When it came time that evening for the servants to be paid their wages, we find out what the motivating force was in the hearts of the servants all along. We find out why they were serving the Householder in the first place. When those who had labored all day saw that those who only labored one hour were paid the same, they murmured against the Householder:

Mat 20:11-12  And when they had received it, they murmured against the goodman of the house, Saying, These last have wrought but one hour, and thou hast made them equal unto us, which have borne the burden and heat of the day.


They were disqualified from becoming "full time Stewards" in the kingdom of God for the same reason that disqualified the man who would not trade the "pound" that had been entrusted to him by the Master (Luke 19:20-21). He would not spend his life "stewarding the pound" because He feared that the Master would come and "take up" the profits which the man considered to be his own. If there is no "personal profit" in it for him, he will not serve! [See the lesson - "Stewarding The Pound"].

We find the same disqualifying factor in the heart of these servants in Matthew 20. They do not have the heart of "bond slaves," they have the heart of "employees."

Jesus is looking for those He can promote to great Stewardship of Kingdom Finances in these last days. Later on in this same chapter, Jesus gives us the required progression that qualifies any person for promotion in the Kingdom of God when He says:

Mat 20:25-27  But Jesus called them unto him, and said, Ye know that the princes of the Gentiles exercise dominion over them, and they that are great exercise authority upon them. But it shall not be so among you: but whosoever will be great among you, let him be your minister; And whosoever will be chief among you, let him be your servant.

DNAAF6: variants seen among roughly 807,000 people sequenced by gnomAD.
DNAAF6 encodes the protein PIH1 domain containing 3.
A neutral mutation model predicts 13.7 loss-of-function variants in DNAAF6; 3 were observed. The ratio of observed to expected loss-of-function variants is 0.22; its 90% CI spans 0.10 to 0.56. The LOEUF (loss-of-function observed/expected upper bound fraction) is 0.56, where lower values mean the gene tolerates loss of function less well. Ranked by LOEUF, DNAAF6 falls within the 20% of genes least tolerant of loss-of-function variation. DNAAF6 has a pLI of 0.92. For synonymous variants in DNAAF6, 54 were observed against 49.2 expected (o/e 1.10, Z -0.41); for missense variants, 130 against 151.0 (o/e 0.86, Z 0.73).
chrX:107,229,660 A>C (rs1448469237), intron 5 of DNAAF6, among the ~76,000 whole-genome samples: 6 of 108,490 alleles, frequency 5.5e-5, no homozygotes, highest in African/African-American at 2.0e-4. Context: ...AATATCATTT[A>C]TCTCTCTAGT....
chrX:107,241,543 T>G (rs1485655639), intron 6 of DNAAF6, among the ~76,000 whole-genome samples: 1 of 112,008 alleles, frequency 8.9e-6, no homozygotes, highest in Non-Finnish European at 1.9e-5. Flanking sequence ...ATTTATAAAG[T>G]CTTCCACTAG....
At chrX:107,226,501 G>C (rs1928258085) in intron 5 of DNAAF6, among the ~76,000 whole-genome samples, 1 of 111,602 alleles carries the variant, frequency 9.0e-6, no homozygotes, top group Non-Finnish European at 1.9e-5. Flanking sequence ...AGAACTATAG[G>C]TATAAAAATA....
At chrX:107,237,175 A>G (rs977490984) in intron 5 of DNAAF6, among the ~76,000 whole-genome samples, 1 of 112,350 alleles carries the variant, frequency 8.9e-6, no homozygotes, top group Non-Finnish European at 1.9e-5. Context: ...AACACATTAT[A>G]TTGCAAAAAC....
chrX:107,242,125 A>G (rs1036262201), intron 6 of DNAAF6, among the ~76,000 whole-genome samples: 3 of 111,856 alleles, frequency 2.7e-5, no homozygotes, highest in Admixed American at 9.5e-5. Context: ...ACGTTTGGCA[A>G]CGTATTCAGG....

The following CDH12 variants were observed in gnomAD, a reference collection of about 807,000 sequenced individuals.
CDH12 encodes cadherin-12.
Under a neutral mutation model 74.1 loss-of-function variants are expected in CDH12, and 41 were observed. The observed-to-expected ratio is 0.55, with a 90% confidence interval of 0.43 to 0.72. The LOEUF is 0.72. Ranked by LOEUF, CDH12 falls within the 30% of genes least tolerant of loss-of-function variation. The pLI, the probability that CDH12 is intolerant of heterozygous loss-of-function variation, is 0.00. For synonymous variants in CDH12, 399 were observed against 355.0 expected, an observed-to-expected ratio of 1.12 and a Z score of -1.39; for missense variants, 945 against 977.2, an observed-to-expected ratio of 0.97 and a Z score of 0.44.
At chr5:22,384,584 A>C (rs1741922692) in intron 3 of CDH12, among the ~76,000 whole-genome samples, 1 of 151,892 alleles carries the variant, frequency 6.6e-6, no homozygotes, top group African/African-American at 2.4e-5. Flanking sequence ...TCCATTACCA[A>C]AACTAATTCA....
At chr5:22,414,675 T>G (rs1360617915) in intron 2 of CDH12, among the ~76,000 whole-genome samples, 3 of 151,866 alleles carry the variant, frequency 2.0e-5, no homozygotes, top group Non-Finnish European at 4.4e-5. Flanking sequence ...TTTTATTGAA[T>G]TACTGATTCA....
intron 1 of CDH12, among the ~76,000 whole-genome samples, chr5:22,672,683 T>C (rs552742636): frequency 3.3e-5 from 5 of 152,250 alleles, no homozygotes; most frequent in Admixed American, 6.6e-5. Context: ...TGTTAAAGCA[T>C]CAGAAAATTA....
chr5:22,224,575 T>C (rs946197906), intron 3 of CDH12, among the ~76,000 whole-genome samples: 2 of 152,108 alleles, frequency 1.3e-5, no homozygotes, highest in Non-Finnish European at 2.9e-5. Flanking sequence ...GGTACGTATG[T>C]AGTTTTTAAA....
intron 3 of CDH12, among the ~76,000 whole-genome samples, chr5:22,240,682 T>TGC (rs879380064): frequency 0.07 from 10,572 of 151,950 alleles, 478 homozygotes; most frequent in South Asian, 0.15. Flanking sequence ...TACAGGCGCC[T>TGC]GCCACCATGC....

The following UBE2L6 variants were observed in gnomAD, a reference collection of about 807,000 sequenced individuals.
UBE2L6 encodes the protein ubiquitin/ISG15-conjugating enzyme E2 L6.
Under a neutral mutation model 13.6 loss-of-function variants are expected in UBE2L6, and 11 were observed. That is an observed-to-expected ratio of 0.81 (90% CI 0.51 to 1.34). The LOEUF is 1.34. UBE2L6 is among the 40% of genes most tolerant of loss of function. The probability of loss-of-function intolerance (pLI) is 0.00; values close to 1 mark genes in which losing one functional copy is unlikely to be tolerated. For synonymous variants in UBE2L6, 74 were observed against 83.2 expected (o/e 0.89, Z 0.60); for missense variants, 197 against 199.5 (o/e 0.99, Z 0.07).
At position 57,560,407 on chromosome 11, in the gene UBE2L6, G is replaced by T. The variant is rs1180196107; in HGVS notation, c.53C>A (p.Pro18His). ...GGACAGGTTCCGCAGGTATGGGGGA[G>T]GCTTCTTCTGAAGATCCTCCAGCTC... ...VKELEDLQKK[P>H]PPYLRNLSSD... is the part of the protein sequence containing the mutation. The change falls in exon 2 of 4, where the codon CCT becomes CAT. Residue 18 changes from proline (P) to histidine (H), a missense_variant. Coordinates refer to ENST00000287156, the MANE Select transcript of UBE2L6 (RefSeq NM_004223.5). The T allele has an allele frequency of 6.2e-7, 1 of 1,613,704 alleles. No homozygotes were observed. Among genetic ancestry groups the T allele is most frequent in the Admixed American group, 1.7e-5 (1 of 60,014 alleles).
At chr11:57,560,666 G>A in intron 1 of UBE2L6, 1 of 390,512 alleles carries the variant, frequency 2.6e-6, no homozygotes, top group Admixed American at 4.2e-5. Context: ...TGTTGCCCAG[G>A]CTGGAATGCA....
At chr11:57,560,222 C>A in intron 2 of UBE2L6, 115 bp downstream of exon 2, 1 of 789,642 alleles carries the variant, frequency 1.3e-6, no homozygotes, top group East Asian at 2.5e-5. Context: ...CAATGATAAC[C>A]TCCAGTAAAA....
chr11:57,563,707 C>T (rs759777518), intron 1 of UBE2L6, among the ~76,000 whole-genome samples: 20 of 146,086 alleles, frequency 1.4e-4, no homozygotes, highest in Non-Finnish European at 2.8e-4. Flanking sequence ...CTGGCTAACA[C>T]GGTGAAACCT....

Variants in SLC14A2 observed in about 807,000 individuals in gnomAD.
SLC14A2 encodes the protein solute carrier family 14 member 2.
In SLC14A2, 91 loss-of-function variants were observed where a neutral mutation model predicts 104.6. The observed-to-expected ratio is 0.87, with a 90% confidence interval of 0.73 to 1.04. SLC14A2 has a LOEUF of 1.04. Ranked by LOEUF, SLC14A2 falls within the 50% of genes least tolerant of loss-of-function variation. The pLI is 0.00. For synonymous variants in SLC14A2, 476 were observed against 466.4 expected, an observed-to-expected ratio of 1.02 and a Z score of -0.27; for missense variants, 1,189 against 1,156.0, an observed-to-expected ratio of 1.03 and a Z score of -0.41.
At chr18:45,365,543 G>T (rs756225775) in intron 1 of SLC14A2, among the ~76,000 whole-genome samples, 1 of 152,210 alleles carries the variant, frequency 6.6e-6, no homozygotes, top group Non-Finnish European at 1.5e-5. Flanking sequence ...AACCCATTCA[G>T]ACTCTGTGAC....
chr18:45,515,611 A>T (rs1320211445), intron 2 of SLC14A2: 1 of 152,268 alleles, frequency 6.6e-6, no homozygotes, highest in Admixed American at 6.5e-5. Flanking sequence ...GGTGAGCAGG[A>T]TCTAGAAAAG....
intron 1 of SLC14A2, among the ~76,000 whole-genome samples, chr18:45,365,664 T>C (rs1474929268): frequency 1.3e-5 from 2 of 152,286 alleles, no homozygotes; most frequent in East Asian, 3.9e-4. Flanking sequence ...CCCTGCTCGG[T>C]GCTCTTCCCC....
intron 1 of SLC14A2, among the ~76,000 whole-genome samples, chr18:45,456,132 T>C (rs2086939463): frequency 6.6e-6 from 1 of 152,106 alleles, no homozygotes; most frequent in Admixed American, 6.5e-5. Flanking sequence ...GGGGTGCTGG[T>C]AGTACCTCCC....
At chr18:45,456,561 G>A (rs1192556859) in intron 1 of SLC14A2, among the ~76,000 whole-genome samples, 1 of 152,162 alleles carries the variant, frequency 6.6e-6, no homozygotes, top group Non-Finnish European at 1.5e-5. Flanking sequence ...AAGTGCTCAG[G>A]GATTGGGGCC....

To be promoted to the highest level of Stewardship in the Kingdom of God (to be chief), a man must be a "servant." These two words are very important. In the Greek language they are:

CHIEF = "FIRST" 4413. protos, pro'-tos; contr. superl. of G4253; foremost (in time, place, order or importance):--before, beginning, best, chief (-est), first (of all), former.

SERVANT = "SLAVE" 1401. doulos, doo'-los; from G1210; a slave (lit. or fig., invol. or vol.; frequently therefore in a qualified sense of subjection or subverviency):--bond (-man), servant.

It is the "bond slave," the one who does not serve for wages, the one who does not serve with the motive of "personal profit," the one who serves "for love’s sake alone" that Jesus promotes to the highest levels of STEWARDSHIP in His Father's kingdom! This statement in verse Mat 20:27 agrees completely with Jesus' concluding statement at the end of the parable of the Householder and the servants

Mat 20:16  So the last shall be first, and the first last: for many be called, but few chosen.

The word "first" is the same Greek word translated "chief" in Mat 20:27. The word "last," from Strong's dictionary is:

LAST = LOWEST 2078. eschatos, es'-khat-os; a superl. prob. from G2192 (in the sense of contiguity); farthest, final (of place or time):--ends of, last, latter end, lowest, uttermost.

The "lowest" position in any society is that of a SLAVE! A slave does not serve for wages. A slave is "owned" by His Master. In particular, a "bond slave" is owned by His Master by the slave's own choice ... for love's sake alone. So what is the "wage," the "reward" for a bond slave?


This is the "first class servant" [Greek = Doulos = Slave] that Jesus spoke of in Luke 17:7-10. The bond slave who is not serving for personal profit, but rather only because he loves his Master. For the bond slave, his "meat" is to do the will of his Master ... Period! Personal profit for the first class servant does not even enter into the equation.

Now notice how precisely all of this agrees with Jesus' answer to Peter's question after he saw the incident regarding the Rich Young Ruler. Peter asked: